“Teach this triple truth to all: A generous heart, kind speech, and a life of service and compassion are the things which renew humanity.” — The Buddha
Community and society are built on the proposition that each member of the community needs to be aware of and protective of the needs of the whole. Showing concern and acting responsibly toward others and the communities in which you work and live means taking time to understand how you might make a difference using your particular talents, interest and connections. Organizations also can be good citizens in their community by identifying a cause or needs that have meaning for them and provide a structure for employees or members to contribute with broader impact than individuals alone could have.
In a number of studies, individuals with greater Social Responsibility exhibit more emotional intelligence than the average individual. In our virtual age many ‘communities’ are not necessarily neighbors, but they can be part of Social Responsibility.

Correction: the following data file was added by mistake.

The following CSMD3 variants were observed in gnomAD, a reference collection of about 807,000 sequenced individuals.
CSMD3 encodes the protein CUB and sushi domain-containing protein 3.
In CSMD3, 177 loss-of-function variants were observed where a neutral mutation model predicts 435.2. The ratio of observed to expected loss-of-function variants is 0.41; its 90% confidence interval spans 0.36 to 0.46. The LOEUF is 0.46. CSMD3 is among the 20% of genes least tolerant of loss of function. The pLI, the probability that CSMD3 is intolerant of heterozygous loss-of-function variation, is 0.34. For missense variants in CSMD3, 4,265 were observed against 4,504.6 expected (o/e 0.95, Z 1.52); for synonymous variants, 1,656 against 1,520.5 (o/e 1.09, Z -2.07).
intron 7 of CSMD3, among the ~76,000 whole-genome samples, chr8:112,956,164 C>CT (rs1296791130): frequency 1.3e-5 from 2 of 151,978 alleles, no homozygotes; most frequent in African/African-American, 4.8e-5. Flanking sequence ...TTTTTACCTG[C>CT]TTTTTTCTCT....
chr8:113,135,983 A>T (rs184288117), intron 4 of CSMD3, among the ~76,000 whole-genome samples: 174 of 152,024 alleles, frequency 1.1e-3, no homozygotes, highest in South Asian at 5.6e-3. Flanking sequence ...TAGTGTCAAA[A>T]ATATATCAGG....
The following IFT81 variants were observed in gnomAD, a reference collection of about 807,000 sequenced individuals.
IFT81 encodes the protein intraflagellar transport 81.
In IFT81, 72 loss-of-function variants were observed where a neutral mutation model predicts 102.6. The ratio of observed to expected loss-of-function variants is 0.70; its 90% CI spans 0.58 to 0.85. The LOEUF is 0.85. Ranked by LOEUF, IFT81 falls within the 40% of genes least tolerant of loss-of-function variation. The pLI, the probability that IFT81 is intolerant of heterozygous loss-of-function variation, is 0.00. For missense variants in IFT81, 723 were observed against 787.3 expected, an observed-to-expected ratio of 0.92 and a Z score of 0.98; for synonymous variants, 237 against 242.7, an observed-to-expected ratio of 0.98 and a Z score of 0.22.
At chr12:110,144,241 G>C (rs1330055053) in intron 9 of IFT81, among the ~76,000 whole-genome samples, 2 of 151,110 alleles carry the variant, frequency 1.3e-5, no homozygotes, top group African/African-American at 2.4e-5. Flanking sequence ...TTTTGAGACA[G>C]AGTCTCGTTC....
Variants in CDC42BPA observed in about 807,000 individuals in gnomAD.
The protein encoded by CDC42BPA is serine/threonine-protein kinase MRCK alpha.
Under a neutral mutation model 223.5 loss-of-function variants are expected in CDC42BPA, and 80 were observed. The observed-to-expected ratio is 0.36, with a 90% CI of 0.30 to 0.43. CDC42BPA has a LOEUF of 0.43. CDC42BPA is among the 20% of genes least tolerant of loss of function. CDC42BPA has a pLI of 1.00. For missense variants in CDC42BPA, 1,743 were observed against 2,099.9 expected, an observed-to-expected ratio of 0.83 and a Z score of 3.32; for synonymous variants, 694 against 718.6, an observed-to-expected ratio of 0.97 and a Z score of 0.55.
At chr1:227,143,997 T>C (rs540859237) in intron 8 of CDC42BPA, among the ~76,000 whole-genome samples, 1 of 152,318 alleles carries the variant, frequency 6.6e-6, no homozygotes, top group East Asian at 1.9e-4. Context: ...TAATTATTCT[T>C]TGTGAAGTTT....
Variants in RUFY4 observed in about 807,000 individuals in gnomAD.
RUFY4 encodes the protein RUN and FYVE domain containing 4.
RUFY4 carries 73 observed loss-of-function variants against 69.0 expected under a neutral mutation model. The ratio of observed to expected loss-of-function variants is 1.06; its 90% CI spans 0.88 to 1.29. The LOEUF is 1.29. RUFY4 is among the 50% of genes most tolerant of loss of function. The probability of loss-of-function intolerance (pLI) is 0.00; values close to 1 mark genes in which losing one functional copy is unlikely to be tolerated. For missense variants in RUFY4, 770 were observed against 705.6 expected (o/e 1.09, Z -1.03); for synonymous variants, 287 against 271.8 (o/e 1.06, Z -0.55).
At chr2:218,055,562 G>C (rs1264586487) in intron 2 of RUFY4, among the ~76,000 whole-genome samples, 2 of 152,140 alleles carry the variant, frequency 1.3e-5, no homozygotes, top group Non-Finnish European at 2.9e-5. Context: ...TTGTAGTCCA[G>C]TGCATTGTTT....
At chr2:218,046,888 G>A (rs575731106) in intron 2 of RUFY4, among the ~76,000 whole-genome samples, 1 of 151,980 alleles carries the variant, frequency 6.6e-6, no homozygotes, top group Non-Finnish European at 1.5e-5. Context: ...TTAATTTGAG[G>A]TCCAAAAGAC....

If any of these behaviors are true of you, or those with whom you work, action tips are available at EQDashboard.com:
- Invests little in group or community unless it’s convenient
- Insists on specific rigid roles before participating in groups
- Demonstrates a social consciousness only when personally expedient
- Acts out of personal gain with little rgard for community needs
- Shows a lack of awareness of the underlying needs of ohers in a group and how his or her behavior affects the group.
Action learning tips and learning assignments on the job are a click away at EQDashboard.com.
You might also consider (a sampling of suggestions from www.EQDashboard.com):
Kotler, Philip. Corporate Social Responsibility: Doing the Most Good for your Company and Your Cause. Hoboken, NJ: Wiley and Sons, 2005.
Vogel, David. The Market for Virtue: The Potential and LImits of Corporate Social Responsibility. Washington: The Brookings Institution, 2006.
Werther, William, and David Chandler. Strategic Corportate Social Responsibility : Stakeholders in a Global Environment. London: Sage Publications, 2011.